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Another 46 days

Carcasses

Filmmaker : Denis Côté Québec, 2009 PRODUCTION : nihilproductions
73'
French English

About this film

Synopsis

Jean-Paul Colmor is 74 years old. After an accident, he took an early retirement and has been collecting cars, wrecks, and junk for the last 40 years. Living among tons and tons of debris, he quietly works all day on his unthinkable belongings, furnishing and dealing car parts to mechanics and other iron afficionados. One day, four intruders visit Colmor in search of a corner of twisted paradise. Carcasses uses documentary and fictitious elements to try to get at the soul of an unthinkable place.

Tënk's opinion

From the outside: a scrap metal cemetery; from the inside: a columbarium of finds unearthed by world class flea market trawler, collector Jean-Paul Colmor. Car skeletons and reanimated relics make up his home, an immeasurable library of memories, a most colourful material poetics. Bogged down and blissful in his baroque environment, Colmor daily recoups and discards old cars, all the while engaging in learning the Spanish language. Reticent towards any form of convention, Denis Côté exhibits and invents a world in which protagonists conceived of and named as marginal take center stage. His film has an unusual structure, divided into two parts: first, an observational documentary shot exclusively in stills; then, additionally, in full motion, an abrupt and controlled turn towards a fictional narrative wherein the protagonists, hailing from various margins of society, nonprofessional actors who in part play, in part exist, meet and struggle to find their place in this poetic landscape.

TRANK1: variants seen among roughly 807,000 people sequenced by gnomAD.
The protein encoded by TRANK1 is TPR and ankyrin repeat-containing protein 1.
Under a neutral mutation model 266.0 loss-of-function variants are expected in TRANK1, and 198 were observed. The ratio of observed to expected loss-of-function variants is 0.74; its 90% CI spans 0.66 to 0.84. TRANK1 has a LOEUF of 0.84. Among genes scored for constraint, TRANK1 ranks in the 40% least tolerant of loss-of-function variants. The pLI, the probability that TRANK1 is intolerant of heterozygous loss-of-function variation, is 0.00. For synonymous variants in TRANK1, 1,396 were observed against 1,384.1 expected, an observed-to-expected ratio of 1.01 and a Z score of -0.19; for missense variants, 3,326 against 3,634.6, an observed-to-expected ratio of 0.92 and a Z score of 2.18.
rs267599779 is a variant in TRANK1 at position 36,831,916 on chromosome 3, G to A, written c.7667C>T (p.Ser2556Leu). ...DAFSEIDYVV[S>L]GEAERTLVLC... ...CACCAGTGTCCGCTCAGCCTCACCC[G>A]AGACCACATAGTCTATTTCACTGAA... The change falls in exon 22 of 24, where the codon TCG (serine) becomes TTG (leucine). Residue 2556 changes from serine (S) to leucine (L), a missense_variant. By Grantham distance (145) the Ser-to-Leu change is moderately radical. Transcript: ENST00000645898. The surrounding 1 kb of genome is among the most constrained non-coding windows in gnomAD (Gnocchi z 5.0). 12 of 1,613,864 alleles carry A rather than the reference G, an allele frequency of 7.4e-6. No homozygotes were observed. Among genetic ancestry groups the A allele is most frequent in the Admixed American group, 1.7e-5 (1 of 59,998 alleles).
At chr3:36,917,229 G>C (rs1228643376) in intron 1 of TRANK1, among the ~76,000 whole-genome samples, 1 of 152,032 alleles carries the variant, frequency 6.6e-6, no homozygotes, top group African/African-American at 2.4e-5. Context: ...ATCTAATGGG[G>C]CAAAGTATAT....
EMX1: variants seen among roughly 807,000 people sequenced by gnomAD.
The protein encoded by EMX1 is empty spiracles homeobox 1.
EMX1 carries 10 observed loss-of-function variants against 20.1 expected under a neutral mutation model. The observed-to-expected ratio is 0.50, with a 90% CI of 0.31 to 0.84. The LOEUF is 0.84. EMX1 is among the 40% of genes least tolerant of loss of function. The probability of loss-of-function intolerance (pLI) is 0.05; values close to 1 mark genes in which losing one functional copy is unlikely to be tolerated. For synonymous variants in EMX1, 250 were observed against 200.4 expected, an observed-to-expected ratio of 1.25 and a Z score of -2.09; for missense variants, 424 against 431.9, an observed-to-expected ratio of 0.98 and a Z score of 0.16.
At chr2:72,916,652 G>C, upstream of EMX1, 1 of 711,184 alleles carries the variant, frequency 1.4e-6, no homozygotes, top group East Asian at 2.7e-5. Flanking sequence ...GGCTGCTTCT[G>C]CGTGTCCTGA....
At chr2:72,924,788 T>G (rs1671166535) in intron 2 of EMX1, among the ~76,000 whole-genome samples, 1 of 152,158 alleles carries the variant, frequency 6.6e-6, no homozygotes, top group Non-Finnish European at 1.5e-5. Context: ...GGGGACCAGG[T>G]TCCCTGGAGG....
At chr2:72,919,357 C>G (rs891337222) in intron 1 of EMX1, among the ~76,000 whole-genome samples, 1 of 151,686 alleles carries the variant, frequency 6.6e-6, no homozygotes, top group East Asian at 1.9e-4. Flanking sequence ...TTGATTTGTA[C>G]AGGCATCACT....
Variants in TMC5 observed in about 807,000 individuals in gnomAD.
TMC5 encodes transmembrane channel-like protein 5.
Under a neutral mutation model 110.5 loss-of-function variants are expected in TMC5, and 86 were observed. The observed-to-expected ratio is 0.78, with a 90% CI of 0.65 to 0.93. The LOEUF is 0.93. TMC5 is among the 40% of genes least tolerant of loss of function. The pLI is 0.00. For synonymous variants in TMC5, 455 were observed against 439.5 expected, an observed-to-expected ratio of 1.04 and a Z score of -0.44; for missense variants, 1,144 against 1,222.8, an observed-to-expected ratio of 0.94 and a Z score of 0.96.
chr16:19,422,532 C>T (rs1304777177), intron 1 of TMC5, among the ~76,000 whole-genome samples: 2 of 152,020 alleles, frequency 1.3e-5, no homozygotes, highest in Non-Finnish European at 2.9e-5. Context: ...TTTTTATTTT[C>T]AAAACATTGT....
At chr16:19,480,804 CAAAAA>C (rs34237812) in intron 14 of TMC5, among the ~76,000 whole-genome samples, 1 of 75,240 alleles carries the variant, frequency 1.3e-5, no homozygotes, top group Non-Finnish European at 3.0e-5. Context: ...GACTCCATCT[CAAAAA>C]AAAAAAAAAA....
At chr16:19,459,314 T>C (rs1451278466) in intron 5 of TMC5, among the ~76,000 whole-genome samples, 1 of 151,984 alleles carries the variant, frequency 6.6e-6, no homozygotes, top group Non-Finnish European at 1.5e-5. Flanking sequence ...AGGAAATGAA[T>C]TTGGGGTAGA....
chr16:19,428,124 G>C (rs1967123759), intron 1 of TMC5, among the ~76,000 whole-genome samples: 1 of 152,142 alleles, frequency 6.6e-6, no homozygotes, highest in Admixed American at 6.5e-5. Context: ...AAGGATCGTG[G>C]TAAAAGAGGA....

Gabrielle Ouimet
Tënk's Artistic Director

Filmmaker

Denis Côté

Denis Côté was born in 1973 in New-Brunswick. He founded Nihilproductions in the 90's and shot multiple short films. He was a journalist and cinema critic before he directed his first feature film Drifting States in 2005. He made Our Privates Lives in 2007 and then Curling in 2010, which was awarded at the Locarno Film Festival and shown in more than seventy festivals worldwide. More recently, he directed Wilcox, an essay on liberty and wandering without dialogue, and Social Hygiene, a radical and offbeat comedy, shot in the middle of the pandemic. His films, marked with strong formal research and a sharp spirit of independence, have beens shown in dozens of cinematographic events.